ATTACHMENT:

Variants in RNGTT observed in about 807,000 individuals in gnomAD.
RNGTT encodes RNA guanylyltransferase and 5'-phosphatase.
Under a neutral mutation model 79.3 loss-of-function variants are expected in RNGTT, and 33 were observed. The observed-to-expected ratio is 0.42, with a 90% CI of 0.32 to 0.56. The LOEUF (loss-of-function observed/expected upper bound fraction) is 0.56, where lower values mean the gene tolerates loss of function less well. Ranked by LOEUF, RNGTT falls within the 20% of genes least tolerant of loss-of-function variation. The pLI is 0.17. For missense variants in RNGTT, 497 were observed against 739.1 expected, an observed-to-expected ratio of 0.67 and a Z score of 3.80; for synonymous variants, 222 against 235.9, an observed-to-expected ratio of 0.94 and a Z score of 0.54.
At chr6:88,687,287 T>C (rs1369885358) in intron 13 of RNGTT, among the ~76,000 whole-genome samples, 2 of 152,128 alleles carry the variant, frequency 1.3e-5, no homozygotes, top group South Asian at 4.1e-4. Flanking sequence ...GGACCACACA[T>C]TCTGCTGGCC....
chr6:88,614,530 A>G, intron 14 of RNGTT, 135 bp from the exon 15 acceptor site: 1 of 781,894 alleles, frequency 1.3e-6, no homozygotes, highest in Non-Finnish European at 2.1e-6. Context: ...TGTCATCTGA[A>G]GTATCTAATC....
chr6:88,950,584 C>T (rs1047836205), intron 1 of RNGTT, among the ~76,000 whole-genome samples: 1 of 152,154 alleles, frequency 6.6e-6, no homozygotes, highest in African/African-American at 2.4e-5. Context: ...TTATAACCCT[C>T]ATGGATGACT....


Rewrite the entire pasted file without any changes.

Variants in RNGTT observed in about 807,000 individuals in gnomAD.
RNGTT encodes RNA guanylyltransferase and 5'-phosphatase.
Under a neutral mutation model 79.3 loss-of-function variants are expected in RNGTT, and 33 were observed. The observed-to-expected ratio is 0.42, with a 90% CI of 0.32 to 0.56. The LOEUF (loss-of-function observed/expected upper bound fraction) is 0.56, where lower values mean the gene tolerates loss of function less well. Ranked by LOEUF, RNGTT falls within the 20% of genes least tolerant of loss-of-function variation. The pLI is 0.17. For missense variants in RNGTT, 497 were observed against 739.1 expected, an observed-to-expected ratio of 0.67 and a Z score of 3.80; for synonymous variants, 222 against 235.9, an observed-to-expected ratio of 0.94 and a Z score of 0.54.
At chr6:88,687,287 T>C (rs1369885358) in intron 13 of RNGTT, among the ~76,000 whole-genome samples, 2 of 152,128 alleles carry the variant, frequency 1.3e-5, no homozygotes, top group South Asian at 4.1e-4. Flanking sequence ...GGACCACACA[T>C]TCTGCTGGCC....
chr6:88,614,530 A>G, intron 14 of RNGTT, 135 bp from the exon 15 acceptor site: 1 of 781,894 alleles, frequency 1.3e-6, no homozygotes, highest in Non-Finnish European at 2.1e-6. Context: ...TGTCATCTGA[A>G]GTATCTAATC....
chr6:88,950,584 C>T (rs1047836205), intron 1 of RNGTT, among the ~76,000 whole-genome samples: 1 of 152,154 alleles, frequency 6.6e-6, no homozygotes, highest in African/African-American at 2.4e-5. Context: ...TTATAACCCT[C>T]ATGGATGACT....